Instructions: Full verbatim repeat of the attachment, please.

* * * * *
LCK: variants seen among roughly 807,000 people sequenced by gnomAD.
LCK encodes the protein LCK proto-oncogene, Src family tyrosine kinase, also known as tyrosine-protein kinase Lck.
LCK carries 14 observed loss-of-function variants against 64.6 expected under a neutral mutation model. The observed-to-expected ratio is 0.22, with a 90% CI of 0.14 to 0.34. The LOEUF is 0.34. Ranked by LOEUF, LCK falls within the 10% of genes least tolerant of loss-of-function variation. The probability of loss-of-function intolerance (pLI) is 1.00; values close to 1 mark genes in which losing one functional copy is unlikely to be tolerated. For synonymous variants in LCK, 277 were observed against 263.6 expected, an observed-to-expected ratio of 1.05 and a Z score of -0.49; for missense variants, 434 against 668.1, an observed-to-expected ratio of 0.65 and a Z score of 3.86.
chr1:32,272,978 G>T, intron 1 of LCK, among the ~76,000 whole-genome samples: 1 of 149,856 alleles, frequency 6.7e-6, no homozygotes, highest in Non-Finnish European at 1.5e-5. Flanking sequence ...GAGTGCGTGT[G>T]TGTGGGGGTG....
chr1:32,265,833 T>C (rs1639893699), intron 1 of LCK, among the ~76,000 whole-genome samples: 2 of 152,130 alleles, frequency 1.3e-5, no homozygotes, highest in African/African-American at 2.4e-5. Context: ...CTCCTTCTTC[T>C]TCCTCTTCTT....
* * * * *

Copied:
LCK: variants seen among roughly 807,000 people sequenced by gnomAD.
LCK encodes the protein LCK proto-oncogene, Src family tyrosine kinase, also known as tyrosine-protein kinase Lck.
LCK carries 14 observed loss-of-function variants against 64.6 expected under a neutral mutation model. The observed-to-expected ratio is 0.22, with a 90% CI of 0.14 to 0.34. The LOEUF is 0.34. Ranked by LOEUF, LCK falls within the 10% of genes least tolerant of loss-of-function variation. The probability of loss-of-function intolerance (pLI) is 1.00; values close to 1 mark genes in which losing one functional copy is unlikely to be tolerated. For synonymous variants in LCK, 277 were observed against 263.6 expected, an observed-to-expected ratio of 1.05 and a Z score of -0.49; for missense variants, 434 against 668.1, an observed-to-expected ratio of 0.65 and a Z score of 3.86.
chr1:32,272,978 G>T, intron 1 of LCK, among the ~76,000 whole-genome samples: 1 of 149,856 alleles, frequency 6.7e-6, no homozygotes, highest in Non-Finnish European at 1.5e-5. Flanking sequence ...GAGTGCGTGT[G>T]TGTGGGGGTG....
chr1:32,265,833 T>C (rs1639893699), intron 1 of LCK, among the ~76,000 whole-genome samples: 2 of 152,130 alleles, frequency 1.3e-5, no homozygotes, highest in African/African-American at 2.4e-5. Context: ...CTCCTTCTTC[T>C]TCCTCTTCTT....